All contribute to the ever-expanding index of digital information tracked by Google and, with Twitter, the Library of Congress. This isn’t to say that every tweet should wax poetic on the philosophy of the human condition. But as Sree points out: Social media updates only reach a small amount of those with whom we’re connected, yet they’ll live on in the annals of digital history – accessible, memorable, researchable. Would you rather have your social media footprint lead others to believe you helped spread knowledge and information – or that you hated a guy named Tim Tebow for some unknown reason?
2) Not everyone at your news outlet or non-profit or business needs to actively use social media for professional purposes. But everyone should be trained, encouraged and empowered to do so.
Part of this thinking stems from a session titled “Social Media & Social Good: What the Best Nonprofits and Social Enterprises Can Teach Us.” Former journalist Jim Rosenberg, head of online communications and social media for the World Bank, made a good point:
I could go on incessantly about why all journalists need to use Twitter, no matter their position, beat, etc.
But the larger point is this: If an organization (and I use the term broadly to include news outlets, businesses, non-profit orgs, etc.) uses social media, all employees need to know the essentials: Why, how and for what end?
This isn’t to say all employees need to have the keys to your company’s Twitter account. No, absolutely not. However, everyone should be aware and knowledgeable of why and how you use social media to achieve your desired ends, whether they are gathering and reporting public-interest journalism or marketing your social good non-profit.
Benefits of this:
- You have a “line of succession” of people who know how to use social media within the confines of your organization’s standards. If only one person contributes to social media and that person suddenly leaves or is unavailable, who will take over? Large journalistic institutions to small business startups should have a plan.
- Other people are encouraged to contribute to the operation of the organization and bring fresh perspectives on how to use social media.
- People learn to appreciate the work of the “social media editor” or “community engagement director” or other communications-related role as an integral part of what the organization does. How many people in your organization still inaccurately think a social media editor “just gets paid to use Twitter all day”? There’s an easy way to change that: Show people why that’s not true, and encourage them to see why by testing the value of social media for their own positions and professional development.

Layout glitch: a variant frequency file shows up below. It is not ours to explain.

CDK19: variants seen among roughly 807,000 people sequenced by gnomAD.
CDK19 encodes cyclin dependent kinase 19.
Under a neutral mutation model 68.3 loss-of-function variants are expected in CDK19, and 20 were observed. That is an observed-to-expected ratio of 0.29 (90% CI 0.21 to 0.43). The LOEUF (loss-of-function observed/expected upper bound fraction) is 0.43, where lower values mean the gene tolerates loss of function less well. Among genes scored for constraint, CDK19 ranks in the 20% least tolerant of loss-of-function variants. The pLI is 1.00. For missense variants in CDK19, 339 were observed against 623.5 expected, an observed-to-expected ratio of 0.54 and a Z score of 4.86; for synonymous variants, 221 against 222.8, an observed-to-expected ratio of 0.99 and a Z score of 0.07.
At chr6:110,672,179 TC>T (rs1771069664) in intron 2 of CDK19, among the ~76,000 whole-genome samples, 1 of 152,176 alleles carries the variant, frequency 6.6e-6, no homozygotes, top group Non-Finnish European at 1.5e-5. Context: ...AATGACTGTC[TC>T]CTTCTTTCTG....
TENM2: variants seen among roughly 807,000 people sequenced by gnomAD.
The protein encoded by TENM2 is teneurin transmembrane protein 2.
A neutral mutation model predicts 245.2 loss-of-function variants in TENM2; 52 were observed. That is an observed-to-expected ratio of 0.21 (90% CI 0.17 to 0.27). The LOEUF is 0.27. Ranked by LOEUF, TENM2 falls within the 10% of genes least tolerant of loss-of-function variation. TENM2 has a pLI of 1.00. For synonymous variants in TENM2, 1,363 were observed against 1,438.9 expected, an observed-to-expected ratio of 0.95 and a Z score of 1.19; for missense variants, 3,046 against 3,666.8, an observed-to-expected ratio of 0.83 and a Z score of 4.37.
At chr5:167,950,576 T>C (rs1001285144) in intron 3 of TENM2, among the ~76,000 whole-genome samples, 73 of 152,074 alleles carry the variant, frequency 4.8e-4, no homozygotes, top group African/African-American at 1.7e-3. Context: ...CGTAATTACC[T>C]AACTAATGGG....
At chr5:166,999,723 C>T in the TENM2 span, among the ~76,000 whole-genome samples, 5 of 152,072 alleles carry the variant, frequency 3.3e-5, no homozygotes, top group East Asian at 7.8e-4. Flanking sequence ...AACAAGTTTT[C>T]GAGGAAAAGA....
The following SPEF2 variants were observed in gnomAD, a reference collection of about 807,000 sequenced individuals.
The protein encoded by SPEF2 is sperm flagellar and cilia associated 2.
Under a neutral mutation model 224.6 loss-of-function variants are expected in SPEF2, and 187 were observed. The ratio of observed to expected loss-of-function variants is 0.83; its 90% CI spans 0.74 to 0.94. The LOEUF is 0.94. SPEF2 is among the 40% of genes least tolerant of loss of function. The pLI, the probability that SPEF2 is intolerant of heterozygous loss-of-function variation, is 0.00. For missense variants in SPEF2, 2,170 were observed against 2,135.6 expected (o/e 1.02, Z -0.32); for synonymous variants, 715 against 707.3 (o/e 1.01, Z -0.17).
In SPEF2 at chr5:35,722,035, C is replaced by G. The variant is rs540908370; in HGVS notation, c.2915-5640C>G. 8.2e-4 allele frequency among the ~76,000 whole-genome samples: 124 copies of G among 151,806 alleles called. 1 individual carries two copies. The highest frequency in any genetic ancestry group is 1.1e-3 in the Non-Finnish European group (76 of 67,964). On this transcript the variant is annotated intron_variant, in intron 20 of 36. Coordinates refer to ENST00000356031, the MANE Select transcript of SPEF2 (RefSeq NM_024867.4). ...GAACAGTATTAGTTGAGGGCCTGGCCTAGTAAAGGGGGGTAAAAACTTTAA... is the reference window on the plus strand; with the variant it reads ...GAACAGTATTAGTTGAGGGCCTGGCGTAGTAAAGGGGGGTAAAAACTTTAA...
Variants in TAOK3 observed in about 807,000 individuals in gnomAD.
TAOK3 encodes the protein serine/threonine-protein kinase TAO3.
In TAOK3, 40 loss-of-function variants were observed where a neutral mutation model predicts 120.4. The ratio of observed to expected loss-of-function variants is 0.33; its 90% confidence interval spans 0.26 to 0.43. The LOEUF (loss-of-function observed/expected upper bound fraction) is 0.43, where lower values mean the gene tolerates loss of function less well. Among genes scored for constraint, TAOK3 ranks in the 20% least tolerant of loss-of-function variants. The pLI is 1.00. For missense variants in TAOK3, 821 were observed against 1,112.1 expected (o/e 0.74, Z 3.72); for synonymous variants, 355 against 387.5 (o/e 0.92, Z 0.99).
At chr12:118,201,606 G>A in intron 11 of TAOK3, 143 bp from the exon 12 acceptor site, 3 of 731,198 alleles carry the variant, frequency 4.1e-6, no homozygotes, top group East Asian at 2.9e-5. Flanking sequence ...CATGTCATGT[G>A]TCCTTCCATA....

3) Whatever you’ve already learned (about social media or any job skill) it’s not enough.
And in most cases, the best way to learn more is to interact and engage with other people who know more than you and/or challenge your viewpoints. Conferences are good places to do that.
Another place to do that is through the very medium – in this case Twitter – in which you’re hoping to improve.
— Scott Leadingham (@scottleadingham) January 29, 2012
There’s no magic number of Twitter followers to following radio, and it does seem impractical that The York Times would follow the same amount or more than the 4.3 million (as of this writing) people/accounts following it. (Note: I hesitate in writing the term “follow,” as I’ve written before about why it’s wise to avoid it.)
But Sree’s point, one with which I agree, is well taken: There is a near bottomless pool of insight, resources and education floating in social media. (And there is admittedly a lot of useless noise, of course.) You will benefit from continually seeking out, learning from and interacting with those who offer diverse points of view.
So, was Social Media Weekend time well spent? Yes, absolutely. Should you consider attending this event (or others) in the future? I’d recommend it, which is something I can only do having experienced it in person:
— Scott Leadingham (@scottleadingham) January 29, 2012
Scott Leadingham is editor of Quill magazine. If you’re so inclined, you can join him in discussing, sharing and commenting on journalism and media issues on Twitter: @scottleadingham.